Blocking access to these supplies is the ban on exporting U.S. crude oil that was enacted, along with domestic price controls, after the 1973 Arab oil embargo. The price controls ended in 1981 but the export ban lives on, though America is awash in oil.
The U.S. has broken free of its dependence on energy from unstable sources. Only 27% of the petroleum consumed here last year was imported, the lowest level in 30 years. Nearly half of those imports came from Canada and Mexico. But our friends and allies, particularly in Europe, do not enjoy the same degree of independence. The moment has come for the U.S. to deploy its oil and gas in support of its security interests around the world.
Consider Iran. Multilateral sanctions, including a cap on its oil exports, brought Tehran to the negotiating table. Those sanctions would have proved hollow without the surge in domestic U.S. crude oil production that displaced imports. Much of that foreign oil in turn found a home in European countries, which then reduced their imports of Iranian oil to zero.
The prospect of a nuclear agreement with Iran does not permit the U.S. to stand still. Once world economic growth increases the demand for oil, Iran is poised to ramp up its exports rapidly to nations whose reduced Iranian imports were critical to the sanctions’ success, including Japan, South Korea, Taiwan, Turkey, India and China. U.S. exports would help those countries diversify their sources and avoid returning to their former level of dependence on Iran.
More critically, if negotiations fail, or if Tehran fails to comply with its commitments, the sanctions should snap back into place, with an even tighter embargo on Iranian oil exports. It will be much harder to insist that other countries limit Iranian imports if the U.S. refuses to sell them its oil.
There are other threats arising from global oil suppliers that the U.S. cannot afford to ignore. Libya is racked by civil war and attacks by the Islamic State. Venezuela’s mismanaged economy is near collapse.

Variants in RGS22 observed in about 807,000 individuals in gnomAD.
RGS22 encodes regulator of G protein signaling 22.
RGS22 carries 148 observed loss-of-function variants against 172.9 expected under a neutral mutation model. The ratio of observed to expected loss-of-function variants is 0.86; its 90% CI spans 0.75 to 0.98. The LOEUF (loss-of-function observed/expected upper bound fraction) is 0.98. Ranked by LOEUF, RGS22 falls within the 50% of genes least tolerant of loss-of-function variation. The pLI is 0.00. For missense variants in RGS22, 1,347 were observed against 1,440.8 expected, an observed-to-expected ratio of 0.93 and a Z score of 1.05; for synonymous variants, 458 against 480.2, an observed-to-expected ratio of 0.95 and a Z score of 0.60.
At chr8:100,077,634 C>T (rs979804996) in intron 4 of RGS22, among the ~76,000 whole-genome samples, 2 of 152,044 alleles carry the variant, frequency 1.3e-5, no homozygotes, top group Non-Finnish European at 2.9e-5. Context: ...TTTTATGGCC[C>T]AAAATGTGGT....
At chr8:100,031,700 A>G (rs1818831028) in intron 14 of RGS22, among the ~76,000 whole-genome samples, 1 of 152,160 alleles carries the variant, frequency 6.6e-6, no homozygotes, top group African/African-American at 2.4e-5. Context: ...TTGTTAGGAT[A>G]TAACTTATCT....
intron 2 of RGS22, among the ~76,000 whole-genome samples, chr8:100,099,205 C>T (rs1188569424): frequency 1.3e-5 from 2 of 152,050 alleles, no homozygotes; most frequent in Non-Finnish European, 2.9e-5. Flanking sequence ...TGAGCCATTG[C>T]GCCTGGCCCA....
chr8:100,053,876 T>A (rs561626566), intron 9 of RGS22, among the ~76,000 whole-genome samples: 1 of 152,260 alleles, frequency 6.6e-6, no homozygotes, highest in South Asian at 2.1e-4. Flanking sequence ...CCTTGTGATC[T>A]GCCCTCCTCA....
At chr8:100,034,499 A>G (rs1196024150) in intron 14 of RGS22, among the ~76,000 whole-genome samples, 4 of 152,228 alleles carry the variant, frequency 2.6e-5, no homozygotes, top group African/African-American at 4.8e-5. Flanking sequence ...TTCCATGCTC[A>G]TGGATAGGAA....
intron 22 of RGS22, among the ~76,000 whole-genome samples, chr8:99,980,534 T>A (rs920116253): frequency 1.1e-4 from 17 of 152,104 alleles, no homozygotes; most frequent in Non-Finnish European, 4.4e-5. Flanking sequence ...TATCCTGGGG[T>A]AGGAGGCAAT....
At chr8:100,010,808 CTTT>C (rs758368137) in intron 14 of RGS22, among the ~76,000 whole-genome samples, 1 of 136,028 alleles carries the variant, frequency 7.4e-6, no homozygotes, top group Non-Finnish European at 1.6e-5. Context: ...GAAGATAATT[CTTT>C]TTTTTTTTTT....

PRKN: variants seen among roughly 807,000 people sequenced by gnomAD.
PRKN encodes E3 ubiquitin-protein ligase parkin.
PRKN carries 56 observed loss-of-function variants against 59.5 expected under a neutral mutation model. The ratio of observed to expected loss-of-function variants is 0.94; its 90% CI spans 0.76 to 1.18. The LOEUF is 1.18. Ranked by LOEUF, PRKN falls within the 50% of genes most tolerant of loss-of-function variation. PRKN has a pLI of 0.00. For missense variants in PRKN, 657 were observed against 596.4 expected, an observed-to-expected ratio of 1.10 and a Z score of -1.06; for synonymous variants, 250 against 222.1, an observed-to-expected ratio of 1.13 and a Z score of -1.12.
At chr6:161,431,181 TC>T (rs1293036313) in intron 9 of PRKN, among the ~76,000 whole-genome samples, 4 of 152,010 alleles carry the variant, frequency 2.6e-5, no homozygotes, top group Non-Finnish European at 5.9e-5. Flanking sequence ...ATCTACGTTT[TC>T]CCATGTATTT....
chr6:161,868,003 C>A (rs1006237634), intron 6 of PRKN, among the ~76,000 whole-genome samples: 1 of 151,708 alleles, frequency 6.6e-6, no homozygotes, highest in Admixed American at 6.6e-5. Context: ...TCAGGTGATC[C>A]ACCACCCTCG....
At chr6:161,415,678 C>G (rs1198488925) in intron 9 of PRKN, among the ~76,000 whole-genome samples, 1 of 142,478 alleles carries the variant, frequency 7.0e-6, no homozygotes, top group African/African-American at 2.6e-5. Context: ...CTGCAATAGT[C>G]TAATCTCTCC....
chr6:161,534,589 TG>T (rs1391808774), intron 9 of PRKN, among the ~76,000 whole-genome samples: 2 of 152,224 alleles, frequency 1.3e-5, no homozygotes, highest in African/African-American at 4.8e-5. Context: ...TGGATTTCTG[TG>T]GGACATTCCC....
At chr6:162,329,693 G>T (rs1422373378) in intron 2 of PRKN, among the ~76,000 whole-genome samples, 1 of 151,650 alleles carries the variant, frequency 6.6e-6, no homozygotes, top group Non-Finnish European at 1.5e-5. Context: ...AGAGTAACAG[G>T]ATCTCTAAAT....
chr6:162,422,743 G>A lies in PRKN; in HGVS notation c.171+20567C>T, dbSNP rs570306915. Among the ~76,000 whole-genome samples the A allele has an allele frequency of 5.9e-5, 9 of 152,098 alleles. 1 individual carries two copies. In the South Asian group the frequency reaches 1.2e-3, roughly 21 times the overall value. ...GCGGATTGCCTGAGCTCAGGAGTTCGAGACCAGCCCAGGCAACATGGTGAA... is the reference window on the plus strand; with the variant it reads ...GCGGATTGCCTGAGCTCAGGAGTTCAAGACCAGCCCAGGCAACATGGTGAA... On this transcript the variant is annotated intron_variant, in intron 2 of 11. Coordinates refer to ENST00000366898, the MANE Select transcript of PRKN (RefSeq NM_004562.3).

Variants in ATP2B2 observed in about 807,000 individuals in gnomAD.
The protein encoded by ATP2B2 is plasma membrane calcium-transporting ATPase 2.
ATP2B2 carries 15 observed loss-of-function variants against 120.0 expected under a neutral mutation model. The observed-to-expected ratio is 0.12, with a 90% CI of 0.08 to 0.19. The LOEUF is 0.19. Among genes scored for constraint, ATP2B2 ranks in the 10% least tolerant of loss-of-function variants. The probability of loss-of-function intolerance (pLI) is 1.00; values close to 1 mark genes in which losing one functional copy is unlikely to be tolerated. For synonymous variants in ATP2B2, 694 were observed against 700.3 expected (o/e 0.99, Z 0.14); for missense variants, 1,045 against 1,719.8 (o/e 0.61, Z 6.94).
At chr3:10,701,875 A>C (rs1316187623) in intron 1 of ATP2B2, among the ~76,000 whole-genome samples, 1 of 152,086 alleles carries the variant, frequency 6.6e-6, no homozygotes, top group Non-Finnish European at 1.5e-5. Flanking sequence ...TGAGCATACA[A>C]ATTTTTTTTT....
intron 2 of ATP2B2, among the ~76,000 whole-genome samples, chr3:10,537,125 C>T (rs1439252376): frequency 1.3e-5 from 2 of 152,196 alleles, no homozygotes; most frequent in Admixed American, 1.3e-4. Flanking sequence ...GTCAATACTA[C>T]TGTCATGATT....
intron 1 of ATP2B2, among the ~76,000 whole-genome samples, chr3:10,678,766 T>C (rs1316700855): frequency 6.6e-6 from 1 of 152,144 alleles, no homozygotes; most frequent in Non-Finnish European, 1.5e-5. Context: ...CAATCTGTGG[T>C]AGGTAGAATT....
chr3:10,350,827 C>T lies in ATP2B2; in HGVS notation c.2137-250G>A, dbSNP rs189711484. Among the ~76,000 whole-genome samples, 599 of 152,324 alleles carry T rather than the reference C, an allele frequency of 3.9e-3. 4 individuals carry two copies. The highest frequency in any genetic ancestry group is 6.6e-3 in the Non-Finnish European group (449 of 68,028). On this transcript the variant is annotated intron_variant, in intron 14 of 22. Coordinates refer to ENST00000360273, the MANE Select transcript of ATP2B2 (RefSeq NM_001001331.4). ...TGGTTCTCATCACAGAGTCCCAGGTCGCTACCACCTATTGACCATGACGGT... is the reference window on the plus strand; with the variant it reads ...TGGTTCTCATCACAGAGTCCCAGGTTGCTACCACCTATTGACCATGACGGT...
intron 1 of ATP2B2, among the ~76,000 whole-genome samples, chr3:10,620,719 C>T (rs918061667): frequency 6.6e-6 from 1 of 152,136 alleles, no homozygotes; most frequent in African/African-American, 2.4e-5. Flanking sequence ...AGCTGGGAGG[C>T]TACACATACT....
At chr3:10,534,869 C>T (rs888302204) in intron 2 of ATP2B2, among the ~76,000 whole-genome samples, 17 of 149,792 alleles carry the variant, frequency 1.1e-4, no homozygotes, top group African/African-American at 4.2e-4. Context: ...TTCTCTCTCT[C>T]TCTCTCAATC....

Most ominous is Russia’s energy stranglehold on Europe. Fourteen NATO countries buy 15% or more of their oil from Russia, with several countries in Eastern and Central Europe exceeding 50%. Russia is the sole or predominant source of natural gas for several European countries including Finland, Slovakia, Bulgaria and the Baltic states. Europe as a whole relies on Russia for more than a quarter of its natural gas.
This situation leaves Europe vulnerable to Kremlin coercion. In January 2009, Russia cut off natural gas to Ukraine, and several European countries completely lost their gas supply. A recent EU “stress test” showed that a prolonged Russian supply disruption would result in several countries losing 60% of their gas supplies.
Further, revenue from sales to Europe provides Russia with considerable financial resources to fund its aggression in Ukraine. That conflict could conceivably spread through Central Europe toward the Baltic states. So far, the trans-Atlantic alliance has held firm, but the trajectory of this conflict is unpredictable. The U.S. can provide friends and allies with a stable alternative to threats of supply disruption. This is a strategic imperative as well as a matter of economic self-interest.
The domestic shale energy boom has supported an estimated 2.1 million U.S. jobs, according to a 2013 IHS study, but the recent downturn in oil prices has led to massive cuts in capital spending for exploration and production. Layoffs in the oil patch have spread outward, notably to the steel industry. Lifting the export ban would put some of these workers back on the job and boost the U.S. economy.